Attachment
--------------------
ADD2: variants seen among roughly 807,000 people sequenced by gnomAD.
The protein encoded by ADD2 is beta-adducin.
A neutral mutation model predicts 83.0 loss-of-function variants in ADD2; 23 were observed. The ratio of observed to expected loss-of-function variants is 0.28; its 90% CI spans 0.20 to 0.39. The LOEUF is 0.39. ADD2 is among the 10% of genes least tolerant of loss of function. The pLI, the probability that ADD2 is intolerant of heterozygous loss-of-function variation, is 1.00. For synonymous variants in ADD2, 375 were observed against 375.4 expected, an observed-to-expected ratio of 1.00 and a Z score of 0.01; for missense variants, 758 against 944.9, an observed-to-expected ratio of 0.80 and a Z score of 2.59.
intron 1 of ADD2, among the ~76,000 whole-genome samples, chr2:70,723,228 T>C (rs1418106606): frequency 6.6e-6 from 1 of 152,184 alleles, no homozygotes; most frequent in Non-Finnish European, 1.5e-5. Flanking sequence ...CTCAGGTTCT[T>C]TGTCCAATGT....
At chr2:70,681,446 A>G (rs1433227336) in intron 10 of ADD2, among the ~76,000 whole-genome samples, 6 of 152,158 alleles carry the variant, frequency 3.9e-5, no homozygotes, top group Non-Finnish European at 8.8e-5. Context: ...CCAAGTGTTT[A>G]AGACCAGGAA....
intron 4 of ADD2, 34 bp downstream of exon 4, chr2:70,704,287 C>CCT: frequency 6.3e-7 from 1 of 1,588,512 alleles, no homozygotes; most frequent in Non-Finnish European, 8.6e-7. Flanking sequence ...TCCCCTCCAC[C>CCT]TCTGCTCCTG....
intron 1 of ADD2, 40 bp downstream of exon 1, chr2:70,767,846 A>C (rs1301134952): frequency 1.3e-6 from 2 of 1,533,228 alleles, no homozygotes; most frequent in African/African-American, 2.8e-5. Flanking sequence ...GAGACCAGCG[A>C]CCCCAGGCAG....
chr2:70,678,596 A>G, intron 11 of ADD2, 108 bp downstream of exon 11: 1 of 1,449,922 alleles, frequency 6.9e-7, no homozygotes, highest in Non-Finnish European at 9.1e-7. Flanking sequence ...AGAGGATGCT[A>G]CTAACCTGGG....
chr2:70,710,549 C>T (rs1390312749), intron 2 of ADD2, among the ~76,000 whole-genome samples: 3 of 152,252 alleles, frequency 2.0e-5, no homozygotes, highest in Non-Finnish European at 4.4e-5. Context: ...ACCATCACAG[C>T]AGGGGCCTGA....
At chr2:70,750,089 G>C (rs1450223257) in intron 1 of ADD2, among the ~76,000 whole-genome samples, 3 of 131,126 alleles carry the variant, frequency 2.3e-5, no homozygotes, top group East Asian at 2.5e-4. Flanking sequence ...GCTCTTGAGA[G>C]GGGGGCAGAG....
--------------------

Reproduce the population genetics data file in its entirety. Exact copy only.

ADD2: variants seen among roughly 807,000 people sequenced by gnomAD.
The protein encoded by ADD2 is beta-adducin.
A neutral mutation model predicts 83.0 loss-of-function variants in ADD2; 23 were observed. The ratio of observed to expected loss-of-function variants is 0.28; its 90% CI spans 0.20 to 0.39. The LOEUF is 0.39. ADD2 is among the 10% of genes least tolerant of loss of function. The pLI, the probability that ADD2 is intolerant of heterozygous loss-of-function variation, is 1.00. For synonymous variants in ADD2, 375 were observed against 375.4 expected, an observed-to-expected ratio of 1.00 and a Z score of 0.01; for missense variants, 758 against 944.9, an observed-to-expected ratio of 0.80 and a Z score of 2.59.
intron 1 of ADD2, among the ~76,000 whole-genome samples, chr2:70,723,228 T>C (rs1418106606): frequency 6.6e-6 from 1 of 152,184 alleles, no homozygotes; most frequent in Non-Finnish European, 1.5e-5. Flanking sequence ...CTCAGGTTCT[T>C]TGTCCAATGT....
At chr2:70,681,446 A>G (rs1433227336) in intron 10 of ADD2, among the ~76,000 whole-genome samples, 6 of 152,158 alleles carry the variant, frequency 3.9e-5, no homozygotes, top group Non-Finnish European at 8.8e-5. Context: ...CCAAGTGTTT[A>G]AGACCAGGAA....
intron 4 of ADD2, 34 bp downstream of exon 4, chr2:70,704,287 C>CCT: frequency 6.3e-7 from 1 of 1,588,512 alleles, no homozygotes; most frequent in Non-Finnish European, 8.6e-7. Flanking sequence ...TCCCCTCCAC[C>CCT]TCTGCTCCTG....
intron 1 of ADD2, 40 bp downstream of exon 1, chr2:70,767,846 A>C (rs1301134952): frequency 1.3e-6 from 2 of 1,533,228 alleles, no homozygotes; most frequent in African/African-American, 2.8e-5. Flanking sequence ...GAGACCAGCG[A>C]CCCCAGGCAG....
chr2:70,678,596 A>G, intron 11 of ADD2, 108 bp downstream of exon 11: 1 of 1,449,922 alleles, frequency 6.9e-7, no homozygotes, highest in Non-Finnish European at 9.1e-7. Flanking sequence ...AGAGGATGCT[A>G]CTAACCTGGG....
chr2:70,710,549 C>T (rs1390312749), intron 2 of ADD2, among the ~76,000 whole-genome samples: 3 of 152,252 alleles, frequency 2.0e-5, no homozygotes, highest in Non-Finnish European at 4.4e-5. Context: ...ACCATCACAG[C>T]AGGGGCCTGA....
At chr2:70,750,089 G>C (rs1450223257) in intron 1 of ADD2, among the ~76,000 whole-genome samples, 3 of 131,126 alleles carry the variant, frequency 2.3e-5, no homozygotes, top group East Asian at 2.5e-4. Flanking sequence ...GCTCTTGAGA[G>C]GGGGGCAGAG....